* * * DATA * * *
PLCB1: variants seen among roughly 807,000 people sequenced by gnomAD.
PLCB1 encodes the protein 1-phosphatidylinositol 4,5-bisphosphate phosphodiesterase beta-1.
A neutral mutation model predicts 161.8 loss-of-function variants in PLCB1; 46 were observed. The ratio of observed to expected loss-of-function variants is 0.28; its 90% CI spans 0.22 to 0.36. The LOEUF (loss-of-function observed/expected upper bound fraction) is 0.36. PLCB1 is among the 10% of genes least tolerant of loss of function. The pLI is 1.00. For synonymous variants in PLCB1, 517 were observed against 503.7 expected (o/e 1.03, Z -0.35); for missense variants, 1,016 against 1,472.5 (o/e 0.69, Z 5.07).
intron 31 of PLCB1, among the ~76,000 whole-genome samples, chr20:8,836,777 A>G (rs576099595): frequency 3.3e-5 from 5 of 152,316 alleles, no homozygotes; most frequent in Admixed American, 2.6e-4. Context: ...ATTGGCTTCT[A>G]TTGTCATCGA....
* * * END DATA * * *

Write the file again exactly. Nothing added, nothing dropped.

PLCB1: variants seen among roughly 807,000 people sequenced by gnomAD.
PLCB1 encodes the protein 1-phosphatidylinositol 4,5-bisphosphate phosphodiesterase beta-1.
A neutral mutation model predicts 161.8 loss-of-function variants in PLCB1; 46 were observed. The ratio of observed to expected loss-of-function variants is 0.28; its 90% CI spans 0.22 to 0.36. The LOEUF (loss-of-function observed/expected upper bound fraction) is 0.36. PLCB1 is among the 10% of genes least tolerant of loss of function. The pLI is 1.00. For synonymous variants in PLCB1, 517 were observed against 503.7 expected (o/e 1.03, Z -0.35); for missense variants, 1,016 against 1,472.5 (o/e 0.69, Z 5.07).
intron 31 of PLCB1, among the ~76,000 whole-genome samples, chr20:8,836,777 A>G (rs576099595): frequency 3.3e-5 from 5 of 152,316 alleles, no homozygotes; most frequent in Admixed American, 2.6e-4. Context: ...ATTGGCTTCT[A>G]TTGTCATCGA....